And he would have done it, if he had had a son,

 

but he was an armchair admiral in old age,

with cold tea and biscuits, his skin wrinkled like milk”

Omeros is absolutely astonishing in its ambition, breadth, artistry and intellect. Derek Walcott was a worthy winner of the Nobel Prize in 1992.

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(Image from: http://repeatingislands.com/2014/02/02/derek-walcott-60-years-of-poems-mix-anger-ambivalence-and-authority/)

Secondly, from breadth to brevity, Ezra Pound’s Alba.  If poetry is language stripped down to the essentials, Pound strips poetry back to the bare bones.  I think In a Station of the Metro is one of the most perfect pieces of writing I’ve ever read, but I chose Alba as it’s less well-known. OK, so he was a massive fascist, but I try and forget this as he distils language to such sparse beauty. An alba is part of the aubade tradition of poems, concerned with lovers parting at dawn.

“As cool as the pale wet leaves

                                     of lily-of-the-valley

She lay beside me in the dawn.”

That’s it.  The whole poem in its entirety.   I really hope you like it.

I realise I’ve chosen two poems written by men , so to redress the balance I’ll end with a retelling of part of another epic (Ovid’s Metamorphoses): the Poet Laureate Carol Ann Duffy reading ‘Mrs Midas’ from her collection The World’s Wife.

“Remember, remember the 5th of November: Gunpowder, Treason and Plot!” (Traditional, British)

OK, so I’m a day late, but that’s practically on time compared to how late some of my other posts have been.  I’ve met my own low standards. 5 November is Guy Fawke’s Night in Britain, where we commemorate the foiling of an attempt to blow up the House of Lords and kill the king in 1605 by, er, setting fires and letting off fireworks. We used to burn effigy of the plotter Guy Fawkes (who was discovered with all the gunpowder) but that and kids asking you for “a penny for the guy” doesn’t seem to happen anymore – which is fine with me, it was a bit gruesome for my delicate sensibilities.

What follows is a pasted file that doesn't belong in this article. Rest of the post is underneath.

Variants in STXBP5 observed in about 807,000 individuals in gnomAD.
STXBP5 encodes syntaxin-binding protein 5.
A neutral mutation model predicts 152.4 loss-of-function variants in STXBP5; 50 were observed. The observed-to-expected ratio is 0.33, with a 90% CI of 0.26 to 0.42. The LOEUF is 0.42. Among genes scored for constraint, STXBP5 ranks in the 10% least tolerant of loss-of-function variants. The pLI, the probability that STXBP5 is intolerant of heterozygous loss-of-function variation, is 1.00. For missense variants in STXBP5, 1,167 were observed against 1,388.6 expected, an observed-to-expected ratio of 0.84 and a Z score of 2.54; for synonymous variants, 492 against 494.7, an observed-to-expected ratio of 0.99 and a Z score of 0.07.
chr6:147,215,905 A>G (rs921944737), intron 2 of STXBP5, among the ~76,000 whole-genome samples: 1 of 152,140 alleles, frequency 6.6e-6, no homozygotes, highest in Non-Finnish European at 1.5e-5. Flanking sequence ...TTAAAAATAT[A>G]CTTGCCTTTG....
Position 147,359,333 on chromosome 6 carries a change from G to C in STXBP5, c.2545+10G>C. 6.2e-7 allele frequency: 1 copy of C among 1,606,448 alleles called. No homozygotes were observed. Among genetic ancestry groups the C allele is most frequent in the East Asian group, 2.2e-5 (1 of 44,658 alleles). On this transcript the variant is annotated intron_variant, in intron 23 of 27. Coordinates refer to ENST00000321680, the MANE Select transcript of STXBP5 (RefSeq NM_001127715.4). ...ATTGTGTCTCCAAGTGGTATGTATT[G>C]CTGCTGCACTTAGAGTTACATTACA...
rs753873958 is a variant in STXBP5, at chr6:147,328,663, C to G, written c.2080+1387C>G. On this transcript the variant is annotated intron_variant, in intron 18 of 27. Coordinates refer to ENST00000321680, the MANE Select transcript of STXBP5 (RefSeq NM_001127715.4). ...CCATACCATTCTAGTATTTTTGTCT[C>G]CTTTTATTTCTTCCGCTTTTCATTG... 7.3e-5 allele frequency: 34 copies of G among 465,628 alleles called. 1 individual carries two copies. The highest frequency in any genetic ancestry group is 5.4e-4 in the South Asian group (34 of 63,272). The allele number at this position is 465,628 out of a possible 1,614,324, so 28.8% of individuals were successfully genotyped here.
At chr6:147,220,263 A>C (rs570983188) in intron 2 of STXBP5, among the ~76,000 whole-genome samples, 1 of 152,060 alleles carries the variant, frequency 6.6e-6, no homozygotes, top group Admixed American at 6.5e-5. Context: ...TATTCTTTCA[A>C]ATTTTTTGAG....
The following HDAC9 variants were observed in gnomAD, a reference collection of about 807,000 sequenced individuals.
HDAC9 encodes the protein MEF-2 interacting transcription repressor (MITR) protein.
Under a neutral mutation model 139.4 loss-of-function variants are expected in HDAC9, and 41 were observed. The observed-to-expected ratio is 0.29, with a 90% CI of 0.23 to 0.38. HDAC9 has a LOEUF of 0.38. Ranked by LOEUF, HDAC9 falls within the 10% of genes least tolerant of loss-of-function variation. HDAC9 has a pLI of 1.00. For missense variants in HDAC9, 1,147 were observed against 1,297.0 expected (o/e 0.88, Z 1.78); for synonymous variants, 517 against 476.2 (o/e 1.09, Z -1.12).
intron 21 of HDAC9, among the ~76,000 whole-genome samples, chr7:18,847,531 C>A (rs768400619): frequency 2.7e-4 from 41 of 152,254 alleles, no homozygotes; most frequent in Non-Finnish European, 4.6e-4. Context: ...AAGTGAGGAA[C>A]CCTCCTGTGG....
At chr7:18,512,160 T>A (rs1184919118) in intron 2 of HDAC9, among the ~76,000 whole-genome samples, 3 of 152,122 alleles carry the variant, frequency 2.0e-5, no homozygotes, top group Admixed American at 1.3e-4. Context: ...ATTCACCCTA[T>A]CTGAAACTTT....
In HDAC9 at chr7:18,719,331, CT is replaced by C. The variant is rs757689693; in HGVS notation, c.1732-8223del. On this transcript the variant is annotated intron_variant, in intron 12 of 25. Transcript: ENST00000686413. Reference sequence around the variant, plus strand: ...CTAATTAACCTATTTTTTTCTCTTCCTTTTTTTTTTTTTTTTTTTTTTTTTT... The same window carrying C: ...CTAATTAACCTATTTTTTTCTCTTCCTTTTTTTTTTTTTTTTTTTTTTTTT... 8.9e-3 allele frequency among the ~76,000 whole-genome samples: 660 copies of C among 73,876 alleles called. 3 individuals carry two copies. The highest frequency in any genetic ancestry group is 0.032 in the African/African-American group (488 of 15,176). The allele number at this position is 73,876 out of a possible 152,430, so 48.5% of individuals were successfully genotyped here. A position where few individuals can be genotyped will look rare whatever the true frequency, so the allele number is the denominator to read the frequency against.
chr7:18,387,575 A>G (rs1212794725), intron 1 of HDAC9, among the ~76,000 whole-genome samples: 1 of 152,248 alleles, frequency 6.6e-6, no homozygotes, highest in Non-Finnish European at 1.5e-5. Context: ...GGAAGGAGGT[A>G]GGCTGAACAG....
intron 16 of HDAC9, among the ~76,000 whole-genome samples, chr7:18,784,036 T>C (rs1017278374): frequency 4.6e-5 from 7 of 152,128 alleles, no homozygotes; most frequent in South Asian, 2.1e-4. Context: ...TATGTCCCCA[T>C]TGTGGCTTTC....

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Anyway, the plotters were Catholic and wanted to kill the Protestant James I to put a Catholic monarch on the throne, so I thought this week I’d commemorate the plot through books rather than pyromania and look at work by Catholic writers.

Firstly, Ben Jonson, frenemy of Shakespeare, who actually had dinner with the plotters but somehow managed to duck suspicion and went on to become a writer for the court of James I. Jonson converted to Catholicism in 1598, while imprisoned for killing fellow playwright Gabriel Spencer in a duel (he’d previously been imprisoned for suspected sedition – he had quite the life). Jonson converted back to Anglicism in 1610, but the poem I’m going to look at sees him wrestling with his faith while still a Catholic.  Much of Jonson’s writing doesn’t carry well across the ages – he was heavily satirical and our knowledge of early seventeenth century politics and theatre-life has waned somewhat. However, this poem, written when his first son Benjamin died of plague aged just seven, captures such grief and pain as to be recogniseable today:

On My First Son (1603)

Farewell, thou child of my right hand, and joy;

My sin was too much hope of thee, lov’d boy.

Seven years tho’ wert lent to me, and I thee pay,

Exacted by thy fate, on the just day.

O, could I lose all father now! For why

Will man lament the state he should envy?

To have so soon ‘scap’d world’s and flesh’s rage,

And if no other misery, yet age?

Rest in soft peace, and, ask’d, say, “Here doth lie

Ben Jonson his best piece of poetry.”

For whose sake henceforth all his vows be such,

As what he loves may never like too much.

There’s a theory sometimes advanced that parents in this period were so used to losing their children that they met their deaths with equanimity.  Jonson’s poem shows how totally misguided this is.  He writes in heroic couplets, showing how deeply felt this is for him; the poem is epic in style, if not in length (the short length thereby reflecting his son’s short life).  Jonson finds himself tormented in faith rather than soothed by it; he knows he should be glad his son has “scap’d world’s and flesh’s rage” but can’t help feeling he has to pay for the sin of loving his son too much, and grieving the loss; he is left with the questions that form the middle of the poem, rather than answers.  The answer Jonson finds for himself means this is a poem that captures two tragedies – the death of the seven year old, and a father so consumed by pain that he wishes he had never known parenthood: “O, could I lose all father now!” determining to close off his feelings in future: “As what he loves may never like too much.” Jonson was egomaniacal about his work, so when he says “Rest in soft peace, and, ask’d, say, “Here doth lie/Ben Jonson his best piece of poetry.”” There is no higher acclaim he can give the seven year old. Truly heart-breaking.